The undergraduate major in Statistical Science and Data Analysis will provide students with the ability to select, utilize and apply quantitative reasoning and data analytic skills to their future fields of study, according to program director Dr. Alexandra Carides, Associate Professor of Statistical Science.
The minor in International Business Administration incorporates the nationally ranked curriculum of Fox’s undergraduate-degree program in International Business. The minor requires only four courses and four prerequisites, delivering the cornerstones of international business education while offering students the opportunity to complete a study-abroad trip in the process.
The minor in Leadership cultivates stronger interpersonal skills for effective management and leadership positions. With courses focusing on workplace demands for leadership from both the organizational and interpersonal points of view, the minor allows students to move beyond technical competence as they step into leadership roles in industry.
The MBA concentration in Business Analytics is designed to enable graduate students to use data and models to recognize opportunities and to improve organizational decision-making. “Data-driven decision-making has been shown to have large positive effects on outcomes of interest to organizations of all types,” said Assistant Professor of Marketing and Supply Chain Management Dr. Eric Eisenstein, the concentration’s director. “Business Analytics concentrators will meet the growing demand for talent in the areas of managing, analyzing, predicting, and discovering insights from the complex data that is available to modern corporations.”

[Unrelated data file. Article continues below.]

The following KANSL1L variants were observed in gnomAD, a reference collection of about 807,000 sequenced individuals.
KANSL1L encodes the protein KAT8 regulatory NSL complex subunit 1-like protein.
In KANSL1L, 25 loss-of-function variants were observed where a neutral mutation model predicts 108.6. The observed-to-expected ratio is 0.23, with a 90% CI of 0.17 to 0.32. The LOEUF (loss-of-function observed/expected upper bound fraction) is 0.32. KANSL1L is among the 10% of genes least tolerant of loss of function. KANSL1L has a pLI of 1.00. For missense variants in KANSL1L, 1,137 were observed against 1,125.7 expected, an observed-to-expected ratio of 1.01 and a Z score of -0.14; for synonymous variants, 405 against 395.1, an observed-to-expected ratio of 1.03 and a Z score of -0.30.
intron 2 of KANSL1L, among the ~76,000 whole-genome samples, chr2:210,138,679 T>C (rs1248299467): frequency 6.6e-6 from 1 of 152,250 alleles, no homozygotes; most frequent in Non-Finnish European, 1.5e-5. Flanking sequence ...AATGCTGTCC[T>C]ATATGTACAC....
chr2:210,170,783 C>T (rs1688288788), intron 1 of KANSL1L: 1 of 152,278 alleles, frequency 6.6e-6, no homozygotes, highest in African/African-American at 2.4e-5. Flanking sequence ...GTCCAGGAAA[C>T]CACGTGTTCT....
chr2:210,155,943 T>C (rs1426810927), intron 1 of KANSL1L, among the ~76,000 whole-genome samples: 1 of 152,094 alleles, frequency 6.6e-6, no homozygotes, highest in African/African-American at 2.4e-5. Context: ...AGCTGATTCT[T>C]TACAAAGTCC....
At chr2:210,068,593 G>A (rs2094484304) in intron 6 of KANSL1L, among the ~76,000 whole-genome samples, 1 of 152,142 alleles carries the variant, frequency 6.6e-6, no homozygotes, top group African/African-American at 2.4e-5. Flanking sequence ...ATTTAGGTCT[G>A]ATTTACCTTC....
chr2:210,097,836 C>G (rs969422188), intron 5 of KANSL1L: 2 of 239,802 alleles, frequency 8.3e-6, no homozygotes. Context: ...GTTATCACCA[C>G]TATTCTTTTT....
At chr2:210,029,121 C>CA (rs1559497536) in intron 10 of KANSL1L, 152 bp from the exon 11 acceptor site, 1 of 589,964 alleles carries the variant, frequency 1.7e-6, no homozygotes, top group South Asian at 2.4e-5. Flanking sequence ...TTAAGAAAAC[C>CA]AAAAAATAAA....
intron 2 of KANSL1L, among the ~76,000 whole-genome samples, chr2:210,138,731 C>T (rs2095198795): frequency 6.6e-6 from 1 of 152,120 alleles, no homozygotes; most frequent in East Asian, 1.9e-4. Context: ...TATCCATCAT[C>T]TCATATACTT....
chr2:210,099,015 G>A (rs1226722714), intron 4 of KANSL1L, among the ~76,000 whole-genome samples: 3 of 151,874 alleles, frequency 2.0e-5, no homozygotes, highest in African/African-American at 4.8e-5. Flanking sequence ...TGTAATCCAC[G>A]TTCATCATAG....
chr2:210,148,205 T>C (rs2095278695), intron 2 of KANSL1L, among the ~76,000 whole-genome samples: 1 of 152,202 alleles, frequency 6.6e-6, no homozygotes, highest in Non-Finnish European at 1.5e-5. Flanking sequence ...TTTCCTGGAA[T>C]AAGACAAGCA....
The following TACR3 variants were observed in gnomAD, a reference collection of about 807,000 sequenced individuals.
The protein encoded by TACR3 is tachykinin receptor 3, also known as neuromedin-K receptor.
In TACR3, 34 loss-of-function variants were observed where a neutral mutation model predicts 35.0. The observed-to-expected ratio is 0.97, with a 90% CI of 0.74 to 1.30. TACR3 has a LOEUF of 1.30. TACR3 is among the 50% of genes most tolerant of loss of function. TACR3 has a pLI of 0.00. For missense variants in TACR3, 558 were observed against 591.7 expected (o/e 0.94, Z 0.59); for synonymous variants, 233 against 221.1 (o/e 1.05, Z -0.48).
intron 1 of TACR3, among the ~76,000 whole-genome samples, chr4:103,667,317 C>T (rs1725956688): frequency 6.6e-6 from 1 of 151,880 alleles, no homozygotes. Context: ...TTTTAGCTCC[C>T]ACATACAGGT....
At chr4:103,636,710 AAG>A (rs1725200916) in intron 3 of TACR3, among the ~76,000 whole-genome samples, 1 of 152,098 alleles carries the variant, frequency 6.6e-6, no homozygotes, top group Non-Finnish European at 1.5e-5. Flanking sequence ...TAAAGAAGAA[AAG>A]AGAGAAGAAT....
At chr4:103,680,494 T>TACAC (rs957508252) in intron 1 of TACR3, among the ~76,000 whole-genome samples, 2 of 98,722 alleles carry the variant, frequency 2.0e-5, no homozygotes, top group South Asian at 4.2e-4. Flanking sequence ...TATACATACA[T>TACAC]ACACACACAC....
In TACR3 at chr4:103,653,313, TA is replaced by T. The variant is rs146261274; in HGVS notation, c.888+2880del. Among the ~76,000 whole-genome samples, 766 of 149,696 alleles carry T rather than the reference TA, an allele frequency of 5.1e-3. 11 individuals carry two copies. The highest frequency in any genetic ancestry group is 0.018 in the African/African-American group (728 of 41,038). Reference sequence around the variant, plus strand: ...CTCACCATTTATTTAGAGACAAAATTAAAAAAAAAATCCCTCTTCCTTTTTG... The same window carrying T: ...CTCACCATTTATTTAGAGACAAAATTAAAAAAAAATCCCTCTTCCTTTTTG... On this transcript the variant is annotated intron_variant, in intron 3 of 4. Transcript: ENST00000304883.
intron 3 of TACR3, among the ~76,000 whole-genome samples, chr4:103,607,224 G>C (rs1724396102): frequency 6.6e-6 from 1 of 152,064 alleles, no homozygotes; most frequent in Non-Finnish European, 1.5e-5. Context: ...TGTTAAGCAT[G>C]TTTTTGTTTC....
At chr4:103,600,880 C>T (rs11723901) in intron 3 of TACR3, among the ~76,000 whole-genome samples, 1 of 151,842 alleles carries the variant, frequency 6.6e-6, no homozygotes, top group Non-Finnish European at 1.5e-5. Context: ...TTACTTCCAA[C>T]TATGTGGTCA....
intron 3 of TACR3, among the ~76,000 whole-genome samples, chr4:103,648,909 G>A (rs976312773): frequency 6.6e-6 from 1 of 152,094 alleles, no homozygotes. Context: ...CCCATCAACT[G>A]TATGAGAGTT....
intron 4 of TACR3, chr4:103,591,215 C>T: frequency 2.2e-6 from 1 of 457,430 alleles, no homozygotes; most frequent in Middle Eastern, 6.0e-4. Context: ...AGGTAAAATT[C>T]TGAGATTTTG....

The MBA concentration in Enterprise Risk Management, offered by one of the most-prestigious Risk Management programs in the nation, will prepare MBA students to design and implement state-of-the-art processes that enhance and improve organizational strategic decision-making, how it manages risk across the enterprise, as well as improving traditional risk mitigation decisions. “This concentration will provide MBA candidates with the concepts and tools to develop advanced organizational risk management capabilities and pursue executive responsibility for managing enterprise-wide risks,” said Assistant Professor of Risk, Insurance, and Healthcare Management Dr. M. Michael Zuckerman, the concentration’s director.
All eligibility and declaration questions regarding the new undergraduate major and minors should be referred to Fox’s Center for Undergraduate Advising. Graduate students are encouraged to speak with their program advisors for more details about new curricula.
Fox School of Business alumnus Justin Rosenberg is returning to his roots.
The founder and CEO of honeygrow, Rosenberg announced that he plans to open a location of his Philadelphia-based, fast-casual restaurant on Temple University’s campus in the fall. The store would utilize commercial space within Morgan Hall, a residence hall located at the southeast corner of Broad Street and Cecil B. Moore Avenue.
With seven stores currently and plans to open nine more by the end of 2016, honeygrow offers fresh-to-order salads and stir-fries that are made with seasonal, local ingredients.
“Temple University is on the rise, and it’s a location that I’m beyond confident will work,” said Rosenberg, who earned his Fox Global MBA in 2009. “I’m a Temple guy, I wrote a chunk of my business plan for honeygrow at Alter Hall, and the business is very much a #TempleMade concept. This makes perfect sense.”